28 | www.retailenvironments.org RETAIL ENVIRONMENTS july.august.2015
together items that will need to be packaged or bagged. A large counter area for
packaging may benefit apparel, which may
need to be carefully wrapped and bagged,
or sports or outdoor equipment items,
which can be large.
Those selling products that custom-
ers don’t pick up or take home with them
(cars, services, furniture), may have dif-
ferent requirements. A service counter at
Dufresne Furniture in Ontario, designed by
Interbrand Design Forum based in Dayton,
Ohio, not only serves as a location for
checkout, but also assists customers with
logistics and shipping details.
And as bleeding-edge retailers have
learned over the past few years, checkout
anywhere in the store can be uncomfortable
for some, particularly in a crowded store.
Without a designated place for transac-
tions to happen, the transaction may actu-
ally get in the way of others who are trying
to shop. “Originally, the focus was on the
mobile/tablet technology, rather than on
the physical necessities of the transaction,”
Shapleigh explains. He notes that it wasn’t
unusual to see customers juggling multi-
ple items while they tried to retrieve credit
cards, sign the mobile devices, etc.
More recently, designers are considering
such issues. When Nordstrom, for example,
introduced completely mobile-enabled selling tools into its department store at The
Woodlands in Texas, designed in partnership with Callison, the focus was on providing a better experience for customers. Sales
staff can transact with customers from anywhere in the store, and meet comfortably
with them in lounge areas, service bars, and
“We’re now seeing a more comfortable,
more efficient, and more personal shopping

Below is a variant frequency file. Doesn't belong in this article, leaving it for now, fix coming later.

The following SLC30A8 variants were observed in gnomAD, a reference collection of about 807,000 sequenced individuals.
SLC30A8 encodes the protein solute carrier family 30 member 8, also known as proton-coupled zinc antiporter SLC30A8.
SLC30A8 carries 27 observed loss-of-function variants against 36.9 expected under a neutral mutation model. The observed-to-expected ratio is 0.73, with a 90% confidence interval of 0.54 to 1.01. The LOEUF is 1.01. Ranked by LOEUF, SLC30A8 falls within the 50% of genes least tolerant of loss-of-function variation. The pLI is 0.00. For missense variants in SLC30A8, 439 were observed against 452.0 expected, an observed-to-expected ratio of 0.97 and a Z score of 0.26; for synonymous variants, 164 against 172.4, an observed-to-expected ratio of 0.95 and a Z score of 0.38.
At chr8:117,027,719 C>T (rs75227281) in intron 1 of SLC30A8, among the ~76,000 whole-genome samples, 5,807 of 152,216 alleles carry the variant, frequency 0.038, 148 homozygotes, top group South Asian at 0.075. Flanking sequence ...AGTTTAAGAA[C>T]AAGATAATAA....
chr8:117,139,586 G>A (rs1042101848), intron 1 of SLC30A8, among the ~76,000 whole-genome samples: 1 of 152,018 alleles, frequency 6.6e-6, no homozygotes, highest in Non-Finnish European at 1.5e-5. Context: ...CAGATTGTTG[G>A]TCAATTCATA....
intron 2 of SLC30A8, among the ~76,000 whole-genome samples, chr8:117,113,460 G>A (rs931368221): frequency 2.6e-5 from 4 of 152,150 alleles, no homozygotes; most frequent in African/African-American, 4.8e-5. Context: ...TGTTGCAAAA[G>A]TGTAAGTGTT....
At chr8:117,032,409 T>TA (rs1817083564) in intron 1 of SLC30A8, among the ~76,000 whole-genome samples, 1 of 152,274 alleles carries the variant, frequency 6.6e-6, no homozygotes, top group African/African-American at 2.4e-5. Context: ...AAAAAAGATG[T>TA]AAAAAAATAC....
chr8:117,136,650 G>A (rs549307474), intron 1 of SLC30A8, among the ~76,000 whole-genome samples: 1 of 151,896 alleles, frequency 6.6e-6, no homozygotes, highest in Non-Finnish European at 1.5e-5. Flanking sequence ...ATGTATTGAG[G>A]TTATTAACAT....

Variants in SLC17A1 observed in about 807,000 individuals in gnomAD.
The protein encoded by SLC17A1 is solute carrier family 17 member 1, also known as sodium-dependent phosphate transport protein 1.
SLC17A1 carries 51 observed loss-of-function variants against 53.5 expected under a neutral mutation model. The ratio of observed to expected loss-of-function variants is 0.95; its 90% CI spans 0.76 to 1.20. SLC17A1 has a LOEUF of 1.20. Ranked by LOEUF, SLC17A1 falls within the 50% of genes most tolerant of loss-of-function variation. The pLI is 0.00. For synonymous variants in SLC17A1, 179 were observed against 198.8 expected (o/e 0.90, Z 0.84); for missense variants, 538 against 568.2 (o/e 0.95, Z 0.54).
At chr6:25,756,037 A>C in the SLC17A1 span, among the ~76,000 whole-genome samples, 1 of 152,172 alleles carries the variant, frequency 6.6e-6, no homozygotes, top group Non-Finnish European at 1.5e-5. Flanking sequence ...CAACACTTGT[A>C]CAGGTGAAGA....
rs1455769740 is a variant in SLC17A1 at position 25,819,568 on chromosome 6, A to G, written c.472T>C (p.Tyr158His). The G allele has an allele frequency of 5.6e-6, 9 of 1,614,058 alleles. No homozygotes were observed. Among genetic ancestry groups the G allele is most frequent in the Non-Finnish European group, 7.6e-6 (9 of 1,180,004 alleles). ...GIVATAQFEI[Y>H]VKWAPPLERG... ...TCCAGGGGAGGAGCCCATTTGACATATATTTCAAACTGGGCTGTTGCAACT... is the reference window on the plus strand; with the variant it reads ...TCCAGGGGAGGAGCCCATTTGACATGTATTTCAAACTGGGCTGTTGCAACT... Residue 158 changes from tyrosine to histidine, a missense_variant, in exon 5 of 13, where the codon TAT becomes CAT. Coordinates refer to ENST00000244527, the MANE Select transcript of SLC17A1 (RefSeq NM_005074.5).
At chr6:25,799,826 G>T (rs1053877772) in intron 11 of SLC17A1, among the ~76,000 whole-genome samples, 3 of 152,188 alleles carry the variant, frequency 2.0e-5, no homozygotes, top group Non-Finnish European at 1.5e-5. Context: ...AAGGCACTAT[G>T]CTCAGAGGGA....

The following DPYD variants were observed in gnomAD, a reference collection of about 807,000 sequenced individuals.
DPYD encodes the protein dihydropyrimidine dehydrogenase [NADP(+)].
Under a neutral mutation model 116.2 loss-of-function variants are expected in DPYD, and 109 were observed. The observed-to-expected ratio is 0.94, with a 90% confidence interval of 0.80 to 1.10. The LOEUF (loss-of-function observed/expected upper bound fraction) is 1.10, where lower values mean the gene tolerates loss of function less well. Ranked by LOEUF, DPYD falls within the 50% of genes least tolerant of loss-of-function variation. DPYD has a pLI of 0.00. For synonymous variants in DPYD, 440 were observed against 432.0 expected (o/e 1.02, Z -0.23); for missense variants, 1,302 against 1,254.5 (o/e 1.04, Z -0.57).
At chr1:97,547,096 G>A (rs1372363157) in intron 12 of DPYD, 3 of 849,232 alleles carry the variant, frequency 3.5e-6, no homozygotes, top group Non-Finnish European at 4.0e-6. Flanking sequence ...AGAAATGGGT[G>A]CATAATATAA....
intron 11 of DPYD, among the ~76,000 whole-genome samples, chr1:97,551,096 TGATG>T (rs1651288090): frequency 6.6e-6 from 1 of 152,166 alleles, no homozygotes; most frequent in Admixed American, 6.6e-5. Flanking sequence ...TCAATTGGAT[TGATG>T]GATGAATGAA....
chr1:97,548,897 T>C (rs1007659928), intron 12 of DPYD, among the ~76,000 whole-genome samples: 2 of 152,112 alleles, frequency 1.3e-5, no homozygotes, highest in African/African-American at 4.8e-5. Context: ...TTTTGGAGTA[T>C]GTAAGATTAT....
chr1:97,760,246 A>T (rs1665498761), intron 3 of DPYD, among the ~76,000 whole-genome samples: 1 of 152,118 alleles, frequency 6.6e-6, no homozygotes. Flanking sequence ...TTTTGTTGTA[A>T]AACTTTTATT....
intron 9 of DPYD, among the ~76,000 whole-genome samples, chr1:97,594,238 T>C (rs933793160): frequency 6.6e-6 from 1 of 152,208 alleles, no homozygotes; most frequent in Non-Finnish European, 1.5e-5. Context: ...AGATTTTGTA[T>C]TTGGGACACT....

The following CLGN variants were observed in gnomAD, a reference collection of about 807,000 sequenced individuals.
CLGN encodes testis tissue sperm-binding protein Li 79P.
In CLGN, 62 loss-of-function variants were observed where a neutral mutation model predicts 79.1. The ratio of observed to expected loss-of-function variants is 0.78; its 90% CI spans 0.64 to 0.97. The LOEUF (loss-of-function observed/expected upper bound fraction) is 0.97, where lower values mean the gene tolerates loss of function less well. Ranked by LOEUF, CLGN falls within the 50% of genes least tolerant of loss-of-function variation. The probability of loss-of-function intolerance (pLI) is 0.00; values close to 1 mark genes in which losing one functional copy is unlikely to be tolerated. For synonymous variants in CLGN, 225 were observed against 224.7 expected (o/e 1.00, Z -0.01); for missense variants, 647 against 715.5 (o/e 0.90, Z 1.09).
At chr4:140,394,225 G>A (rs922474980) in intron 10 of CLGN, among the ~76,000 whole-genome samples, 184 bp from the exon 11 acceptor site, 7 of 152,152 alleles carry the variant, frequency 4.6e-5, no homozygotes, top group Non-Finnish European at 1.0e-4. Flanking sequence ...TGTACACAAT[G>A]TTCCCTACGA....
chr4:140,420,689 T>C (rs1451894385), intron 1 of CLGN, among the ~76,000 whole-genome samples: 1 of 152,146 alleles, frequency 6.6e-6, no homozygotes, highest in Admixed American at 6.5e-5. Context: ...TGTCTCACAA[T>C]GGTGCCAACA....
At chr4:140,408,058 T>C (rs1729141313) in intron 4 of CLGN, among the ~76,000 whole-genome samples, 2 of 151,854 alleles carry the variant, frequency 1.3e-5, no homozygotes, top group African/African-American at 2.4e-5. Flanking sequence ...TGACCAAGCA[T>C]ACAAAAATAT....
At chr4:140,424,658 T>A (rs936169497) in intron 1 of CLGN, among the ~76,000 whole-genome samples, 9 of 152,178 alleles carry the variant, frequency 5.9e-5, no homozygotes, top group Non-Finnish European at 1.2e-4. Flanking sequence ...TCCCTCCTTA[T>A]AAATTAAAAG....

experience,” Shapleigh says.
For some retailers, the elimination of a
single checkout area can provide other benefits. When Nordstrom Rack removed registers from the front of the store, it replaced
them with handheld devices for associates
and physical distributed mobile checkout
carts. The change provided more space for
product merchandising and display, says
Rachel Zsembery, principal at Boston-based
Bergmeyer. The distributed stations have an
added benefit of making frequent shoppers
feel that they have an “in” at the store.
“Customers who are in-the-know can
engage with a sales clerk anywhere in the
store and pick up their receipt at these stations,” Zsembery says.
Hurry up and reduce the wait
“The biggest pain point is typically a process where you have to wait. The challenge
is how you work the transaction process—
the part that the customer doesn’t enjoy—
to ease the amount of time that a customer
is focused on paying for something,” says
Brandon Avery, creative managing director
for FRCH Design Worldwide in Cincinnati.
Where the purchase transaction fits into
the path to purchase is also up for grabs.
Purchase from the fitting room is one of
many options. Hointer, a Seattle-based
jeans retailer, uses mobile technology,
e-tags, and in-store sensors. Shoppers scan
Top: Bergmeyer Associates designed mobile cash desks for the San Francisco 49ers Team Store in
the Santa Clara, Calif., stadium. On game days, these extra fixtures are wheeled out to supplement
permanent cash desks to speed fans through checkout. Bottom: Some checkout areas are becoming
multifunctional. At Gensler-designed Back 40 Mercantile in Old Greenwich, Conn., the cashwrap
serves as gift-wrapping station, consultation area, and display fixture.